• Noah Indiana

Post COVID-19, Will Contemporary Art Come Back Stronger than Before?

A conversation with Bernard Markowicz, owner of Markowicz Fine Art

Courtesy: Ph. Adrien Rapaport


Your career started from IT. You founded the MK informatique. You were able to insert it in to the French Stock Market in 1999 while managing more than 200 employees, and then, you sold it for more than $3 million to CROSS SYSTEMS in 1998. Why did you decide to start a new life in contemporary art at this point in your career?

I have been collecting art since I was 18, and I always kept up the hobby. I became friends with the owner of Opera Gallery—Gilles Dyan, and then I partnered with him when he decided to open galleries in New York’s Soho neighborhood in 1997 and in Miami in 2001.


Why did you found your art gallery?

I was first a partner with the Opera Gallery in New York and Miami, but 10 years ago, I decided to create my own gallery to start a new kind of relationship with artists.


Why did you decide to move to Miami?

I always had the American dream in mind. When I sold my company, I took the opportunity to move with my family.


When did you start being a collector?

I bought by my first artwork when I was 20, and it quickly grew into a passion.


What was the first work of art you bought?

A piece by Alain Godon.


Do you still own it?

Yes, I do still own it and many others I bought over the years. We are even preparing a show with Alain Godon in Dallas for 2022.


Courtesy: Ph. Adrien Rapaport


Why did you decide to open a second gallery in Dallas?

The Dallas Design District acquired a giant sculpture by Idan Zareski from us, and while visiting the location of the sculpture, I fell in love with Dallas and the people there.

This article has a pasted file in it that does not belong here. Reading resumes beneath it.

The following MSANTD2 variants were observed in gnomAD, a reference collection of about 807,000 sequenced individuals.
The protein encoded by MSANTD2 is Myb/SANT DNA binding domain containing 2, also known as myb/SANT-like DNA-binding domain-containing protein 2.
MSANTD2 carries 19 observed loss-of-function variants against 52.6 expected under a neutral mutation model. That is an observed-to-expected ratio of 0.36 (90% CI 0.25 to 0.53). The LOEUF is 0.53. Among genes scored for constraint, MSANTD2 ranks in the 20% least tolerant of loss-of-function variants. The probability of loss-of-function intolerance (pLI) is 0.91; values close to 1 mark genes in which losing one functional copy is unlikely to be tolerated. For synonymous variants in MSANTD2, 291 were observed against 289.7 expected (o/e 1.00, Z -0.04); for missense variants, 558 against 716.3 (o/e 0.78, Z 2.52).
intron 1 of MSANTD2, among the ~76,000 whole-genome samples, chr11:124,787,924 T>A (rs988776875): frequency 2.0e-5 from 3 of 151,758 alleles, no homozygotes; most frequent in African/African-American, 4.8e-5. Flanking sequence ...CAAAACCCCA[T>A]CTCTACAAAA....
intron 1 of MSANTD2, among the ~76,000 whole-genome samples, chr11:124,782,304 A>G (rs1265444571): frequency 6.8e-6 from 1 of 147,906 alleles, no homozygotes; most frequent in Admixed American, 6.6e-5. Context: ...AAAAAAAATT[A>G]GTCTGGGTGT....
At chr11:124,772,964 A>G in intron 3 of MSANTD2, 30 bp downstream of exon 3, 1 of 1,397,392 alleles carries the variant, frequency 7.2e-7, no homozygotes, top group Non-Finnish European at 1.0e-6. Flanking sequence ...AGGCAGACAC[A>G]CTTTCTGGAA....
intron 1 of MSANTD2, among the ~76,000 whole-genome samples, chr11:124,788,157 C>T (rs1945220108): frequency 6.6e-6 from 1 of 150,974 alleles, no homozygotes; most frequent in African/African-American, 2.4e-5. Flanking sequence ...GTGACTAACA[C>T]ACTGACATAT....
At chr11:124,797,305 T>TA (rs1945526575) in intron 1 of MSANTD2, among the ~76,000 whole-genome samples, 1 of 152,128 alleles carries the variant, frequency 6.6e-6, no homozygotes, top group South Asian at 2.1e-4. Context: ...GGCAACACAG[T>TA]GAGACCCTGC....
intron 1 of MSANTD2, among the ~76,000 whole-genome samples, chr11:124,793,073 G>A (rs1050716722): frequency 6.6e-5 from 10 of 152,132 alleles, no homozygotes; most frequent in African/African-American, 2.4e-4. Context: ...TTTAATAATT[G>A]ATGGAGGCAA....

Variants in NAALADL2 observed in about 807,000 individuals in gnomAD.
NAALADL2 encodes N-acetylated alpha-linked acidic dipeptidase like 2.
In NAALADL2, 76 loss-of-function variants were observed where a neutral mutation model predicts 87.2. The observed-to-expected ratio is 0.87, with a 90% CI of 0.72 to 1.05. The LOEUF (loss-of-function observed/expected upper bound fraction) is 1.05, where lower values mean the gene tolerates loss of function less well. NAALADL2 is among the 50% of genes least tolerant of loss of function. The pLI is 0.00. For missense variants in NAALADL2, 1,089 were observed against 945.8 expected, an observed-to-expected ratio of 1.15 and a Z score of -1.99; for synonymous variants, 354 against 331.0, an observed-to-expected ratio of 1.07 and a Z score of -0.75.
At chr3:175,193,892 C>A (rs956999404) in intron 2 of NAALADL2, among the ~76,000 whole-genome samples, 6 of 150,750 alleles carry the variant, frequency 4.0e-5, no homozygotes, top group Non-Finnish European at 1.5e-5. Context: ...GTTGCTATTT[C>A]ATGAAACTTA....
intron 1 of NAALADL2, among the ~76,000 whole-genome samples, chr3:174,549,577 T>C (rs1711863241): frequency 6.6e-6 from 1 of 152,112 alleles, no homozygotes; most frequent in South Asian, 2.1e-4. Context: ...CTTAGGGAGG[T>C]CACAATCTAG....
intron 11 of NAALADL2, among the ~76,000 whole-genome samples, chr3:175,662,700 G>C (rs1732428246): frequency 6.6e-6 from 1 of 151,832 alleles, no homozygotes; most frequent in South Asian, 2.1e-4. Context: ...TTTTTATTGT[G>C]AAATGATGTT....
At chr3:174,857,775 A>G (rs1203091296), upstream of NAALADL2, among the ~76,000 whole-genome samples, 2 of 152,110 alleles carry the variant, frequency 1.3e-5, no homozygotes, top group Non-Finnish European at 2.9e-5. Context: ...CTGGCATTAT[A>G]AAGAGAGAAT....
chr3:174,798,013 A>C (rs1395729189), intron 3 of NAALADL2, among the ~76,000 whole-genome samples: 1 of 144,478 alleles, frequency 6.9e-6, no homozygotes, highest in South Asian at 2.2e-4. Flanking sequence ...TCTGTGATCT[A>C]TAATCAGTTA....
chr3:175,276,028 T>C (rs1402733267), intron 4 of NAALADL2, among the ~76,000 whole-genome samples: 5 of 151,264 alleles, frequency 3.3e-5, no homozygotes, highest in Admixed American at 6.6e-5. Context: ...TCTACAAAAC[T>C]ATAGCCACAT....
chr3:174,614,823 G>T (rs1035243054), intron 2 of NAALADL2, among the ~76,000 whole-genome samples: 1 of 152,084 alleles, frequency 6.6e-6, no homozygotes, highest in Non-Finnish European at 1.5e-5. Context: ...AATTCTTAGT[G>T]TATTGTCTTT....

Your headquarters is still in Miami, which hosts the most important contemporary art week in the world. Why is the art week in Miami so successful?

Suddenly, in one week, all major collectors and art curators from all over the world converge in one place. It's a crazy, intense week. Some years, I organize one event with a different artist every night of the week in addition to the art fair.


How much does the online market affect your business?

It really depends on the artist you represent. Artists who already have notoriety online can play a major role if it's part of the artist's strategy. That’s not always the case though.


Among others, which artists do you represent?

Kai, Alain Godon, Carole Feuerman, Arno Elias, Reine Paradis.


How do you look for or find the artists you want to represent?

There are no rules. It comes down to research and luck...


Courtesy: Ph. Adrien Rapaport


How are you working through these months of immobility and limited activity?

I have been preparing for future shows, keeping in touch with collectors and artists, looking for opportunities, and taking care of family.


When COVID-19 ends, what are your expectations for the art market?

It will be different, I think. People will travel less for a while before their confidence will come back. We are looking to do popup events in some cities as a different way to communicate and also to have people do more private appointments than big openings. I was never a big fan of big openings for different reasons, and COVID-19 is triggering a change that was bound to happen.


How will the experience of COVID-19 change the way an art dealer works?

Well, we cannot rely on foot traffic anymore. Expensive rent prices for retail places was already a challenge, and it will be more and more in this economy. Before rent prices become reasonable again for independent retailers, we need to find other ways to meet collectors.


Courtesy: Ph. Adrien Rapaport

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